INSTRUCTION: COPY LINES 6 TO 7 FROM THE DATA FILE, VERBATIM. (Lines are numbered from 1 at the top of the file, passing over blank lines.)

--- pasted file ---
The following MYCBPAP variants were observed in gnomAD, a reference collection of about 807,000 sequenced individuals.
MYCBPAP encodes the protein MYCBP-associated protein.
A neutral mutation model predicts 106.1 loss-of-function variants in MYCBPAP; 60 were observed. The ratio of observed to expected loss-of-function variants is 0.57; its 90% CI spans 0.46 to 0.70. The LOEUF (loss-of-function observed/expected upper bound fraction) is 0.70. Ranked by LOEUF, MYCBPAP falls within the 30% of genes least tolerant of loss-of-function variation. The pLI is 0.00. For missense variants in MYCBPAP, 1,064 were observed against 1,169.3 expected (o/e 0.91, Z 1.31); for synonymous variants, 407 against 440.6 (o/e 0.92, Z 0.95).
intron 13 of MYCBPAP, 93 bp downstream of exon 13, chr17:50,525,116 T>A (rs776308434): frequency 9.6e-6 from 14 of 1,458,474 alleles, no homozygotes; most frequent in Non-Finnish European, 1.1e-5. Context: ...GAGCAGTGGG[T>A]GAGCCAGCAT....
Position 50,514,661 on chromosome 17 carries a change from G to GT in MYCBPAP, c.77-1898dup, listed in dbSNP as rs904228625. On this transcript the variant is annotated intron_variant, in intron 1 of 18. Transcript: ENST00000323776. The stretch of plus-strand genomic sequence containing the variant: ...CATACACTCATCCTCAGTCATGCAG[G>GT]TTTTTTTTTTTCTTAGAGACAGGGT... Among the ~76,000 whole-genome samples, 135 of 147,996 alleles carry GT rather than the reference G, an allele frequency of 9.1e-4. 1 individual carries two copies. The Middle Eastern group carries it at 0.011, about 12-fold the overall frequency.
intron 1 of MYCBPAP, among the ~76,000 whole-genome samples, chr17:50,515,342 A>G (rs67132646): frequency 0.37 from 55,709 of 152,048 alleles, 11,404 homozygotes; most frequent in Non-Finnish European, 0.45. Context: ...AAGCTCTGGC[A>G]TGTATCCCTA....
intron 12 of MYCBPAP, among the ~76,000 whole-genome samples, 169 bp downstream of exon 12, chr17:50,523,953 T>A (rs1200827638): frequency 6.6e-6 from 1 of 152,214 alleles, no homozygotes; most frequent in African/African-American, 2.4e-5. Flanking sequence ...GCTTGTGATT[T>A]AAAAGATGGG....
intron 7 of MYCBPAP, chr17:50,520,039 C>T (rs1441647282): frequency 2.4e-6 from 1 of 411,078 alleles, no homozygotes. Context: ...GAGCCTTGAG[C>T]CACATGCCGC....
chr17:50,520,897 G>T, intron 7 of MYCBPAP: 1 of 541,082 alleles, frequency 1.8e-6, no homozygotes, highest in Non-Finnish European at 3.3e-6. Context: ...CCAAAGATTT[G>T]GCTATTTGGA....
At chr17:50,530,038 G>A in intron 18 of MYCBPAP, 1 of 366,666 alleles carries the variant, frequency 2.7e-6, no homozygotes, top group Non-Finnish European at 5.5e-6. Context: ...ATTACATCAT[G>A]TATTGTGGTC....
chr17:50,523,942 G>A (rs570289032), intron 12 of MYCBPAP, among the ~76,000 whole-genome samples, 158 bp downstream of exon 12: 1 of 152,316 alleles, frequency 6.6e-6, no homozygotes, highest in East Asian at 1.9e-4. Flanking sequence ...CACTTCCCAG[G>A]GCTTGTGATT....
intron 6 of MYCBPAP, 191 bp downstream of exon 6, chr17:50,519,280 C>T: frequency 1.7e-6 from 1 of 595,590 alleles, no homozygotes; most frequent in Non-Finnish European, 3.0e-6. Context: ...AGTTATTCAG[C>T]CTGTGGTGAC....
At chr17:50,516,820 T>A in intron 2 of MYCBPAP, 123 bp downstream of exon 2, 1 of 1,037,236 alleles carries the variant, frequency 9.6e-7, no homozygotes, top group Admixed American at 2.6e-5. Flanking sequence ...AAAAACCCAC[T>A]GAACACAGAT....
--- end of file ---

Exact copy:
intron 1 of MYCBPAP, among the ~76,000 whole-genome samples, chr17:50,515,342 A>G (rs67132646): frequency 0.37 from 55,709 of 152,048 alleles, 11,404 homozygotes; most frequent in Non-Finnish European, 0.45. Context: ...AAGCTCTGGC[A>G]TGTATCCCTA....
intron 12 of MYCBPAP, among the ~76,000 whole-genome samples, 169 bp downstream of exon 12, chr17:50,523,953 T>A (rs1200827638): frequency 6.6e-6 from 1 of 152,214 alleles, no homozygotes; most frequent in African/African-American, 2.4e-5. Flanking sequence ...GCTTGTGATT[T>A]AAAAGATGGG....